¶ 54 As previously discussed, a landowner owes a reasonable duty of care to all entrants upon his property regarding the state of the premises. Benamon, 294 Ill.App.3d at 89. However, as to trespassers, no reasonable duty of care is owed except to refrain from willfully and wantonly injuring the trespasser. Id. If a landowner knows or reasonably anticipates a trespasser to encounter a place of danger when entering upon his land, the landowner is held to a duty of ordinary care to protect and/or warn the trespasser. Lee v. Chicago Transit Authority, 152 Ill.2d 432, 448–52 (1992). Further, a person may be a business invitee of a landowner if: “(1) the person enters by express or implied invitation; (2) the entry is connected with the owner's business or with an activity conducted by the owner of the land; and (3) the owner receives a benefit.” Sameer v. Butt, 343 Ill.App.3d 78, 86 (2003).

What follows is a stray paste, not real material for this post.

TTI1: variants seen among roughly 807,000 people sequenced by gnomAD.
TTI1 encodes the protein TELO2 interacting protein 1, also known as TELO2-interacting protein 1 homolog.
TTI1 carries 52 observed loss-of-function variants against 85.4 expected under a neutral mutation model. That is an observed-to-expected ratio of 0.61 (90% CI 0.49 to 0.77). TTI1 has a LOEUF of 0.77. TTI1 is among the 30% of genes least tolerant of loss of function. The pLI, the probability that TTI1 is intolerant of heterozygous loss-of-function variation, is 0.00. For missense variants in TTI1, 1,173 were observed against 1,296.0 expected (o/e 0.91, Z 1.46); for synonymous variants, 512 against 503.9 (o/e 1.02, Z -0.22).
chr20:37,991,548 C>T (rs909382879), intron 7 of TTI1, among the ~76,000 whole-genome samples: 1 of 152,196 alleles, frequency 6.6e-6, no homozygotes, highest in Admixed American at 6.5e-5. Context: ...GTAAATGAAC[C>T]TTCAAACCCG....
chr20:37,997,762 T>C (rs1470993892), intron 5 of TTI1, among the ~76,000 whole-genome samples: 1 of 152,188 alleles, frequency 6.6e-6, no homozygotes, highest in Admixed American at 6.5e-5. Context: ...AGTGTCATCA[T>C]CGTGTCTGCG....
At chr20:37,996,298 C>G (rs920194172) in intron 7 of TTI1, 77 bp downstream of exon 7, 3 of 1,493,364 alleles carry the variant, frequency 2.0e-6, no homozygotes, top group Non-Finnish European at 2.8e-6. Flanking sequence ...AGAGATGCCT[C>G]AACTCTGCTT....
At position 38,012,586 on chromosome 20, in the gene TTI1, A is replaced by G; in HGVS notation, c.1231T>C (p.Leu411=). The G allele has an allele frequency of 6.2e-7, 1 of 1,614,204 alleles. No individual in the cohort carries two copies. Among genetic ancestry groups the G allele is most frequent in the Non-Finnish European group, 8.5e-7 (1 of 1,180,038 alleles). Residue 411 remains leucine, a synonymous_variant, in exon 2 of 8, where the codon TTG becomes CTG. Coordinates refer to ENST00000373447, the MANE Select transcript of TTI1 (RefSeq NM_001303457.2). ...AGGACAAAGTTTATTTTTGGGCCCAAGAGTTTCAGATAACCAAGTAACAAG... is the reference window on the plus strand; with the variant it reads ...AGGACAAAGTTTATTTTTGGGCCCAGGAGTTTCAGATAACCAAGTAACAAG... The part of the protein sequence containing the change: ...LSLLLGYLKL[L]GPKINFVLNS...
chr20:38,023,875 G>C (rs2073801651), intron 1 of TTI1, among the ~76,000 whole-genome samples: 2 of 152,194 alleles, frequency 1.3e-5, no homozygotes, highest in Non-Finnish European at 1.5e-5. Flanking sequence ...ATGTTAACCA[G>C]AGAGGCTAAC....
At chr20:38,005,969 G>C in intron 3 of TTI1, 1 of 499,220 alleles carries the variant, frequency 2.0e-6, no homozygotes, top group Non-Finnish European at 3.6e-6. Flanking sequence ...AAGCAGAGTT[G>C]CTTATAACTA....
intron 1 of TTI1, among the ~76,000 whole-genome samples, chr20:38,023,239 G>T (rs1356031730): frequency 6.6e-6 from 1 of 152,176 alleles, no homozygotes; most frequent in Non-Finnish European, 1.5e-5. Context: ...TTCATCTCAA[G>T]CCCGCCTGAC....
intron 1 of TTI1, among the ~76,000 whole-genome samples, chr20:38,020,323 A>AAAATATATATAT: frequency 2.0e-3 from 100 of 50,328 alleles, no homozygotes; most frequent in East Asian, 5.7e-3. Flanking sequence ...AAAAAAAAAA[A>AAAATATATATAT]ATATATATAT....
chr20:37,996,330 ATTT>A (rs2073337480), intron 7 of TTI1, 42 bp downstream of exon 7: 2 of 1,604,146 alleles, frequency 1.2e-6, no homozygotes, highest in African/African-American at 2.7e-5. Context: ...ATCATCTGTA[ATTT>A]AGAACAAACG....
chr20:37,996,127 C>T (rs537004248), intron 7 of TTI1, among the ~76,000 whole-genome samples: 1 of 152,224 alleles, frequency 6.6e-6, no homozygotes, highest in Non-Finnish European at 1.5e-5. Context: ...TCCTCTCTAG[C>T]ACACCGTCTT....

¶ 55 Booth argues that the jury's answers to the special interrogatories, as well as the jury instructions, were improper because as a matter of law Garest could not have been an invitee on Booth's premises at the time of her accident. We agree. It is undisputed that Garest received no express invitation to enter Booth's premises on the night of her accident. Accordingly, she could only have been an invitee if she was an implied invitee. In order to be an implied invitee, Garest would have had to enter Booth's premises for a reason that is connected with Booth's business, and Booth would have had to receive a benefit from her entry. The evidence at trial shows that neither of those requirements were met. In this case, Garest walked onto Booth's premises at night after business hours when Booth Orthodontics was closed. She had never been to Booth Orthodontics and was not a patient of Booth's. In fact, she knew nothing about the Booth building and did not see the sign for Booth Orthodontics. Rather, she mistakenly thought that the Booth building was Modell Funeral Home, and she attempted to enter Booth's premises to attend a wake. Garest's presence on Booth's premises had absolutely no connection with Booth's business or any activity that Booth conducts at the Booth building. Moreover, Booth did not receive any benefit from Garest's presence on his premises. She was not a current customer, and did not learn of Booth's business until after her accident. Therefore, it is clear that the undisputed facts at trial show that Garest's presence on Booth's premises failed to establish the two requirements of an implied invitation. Accordingly, as a matter of law, Garest could not have been an invitee on Booth's premises at the time of her accident. However, in answering the special interrogatories, the jury decided that Garest was an invitee on Booth's premises and was not a trespasser.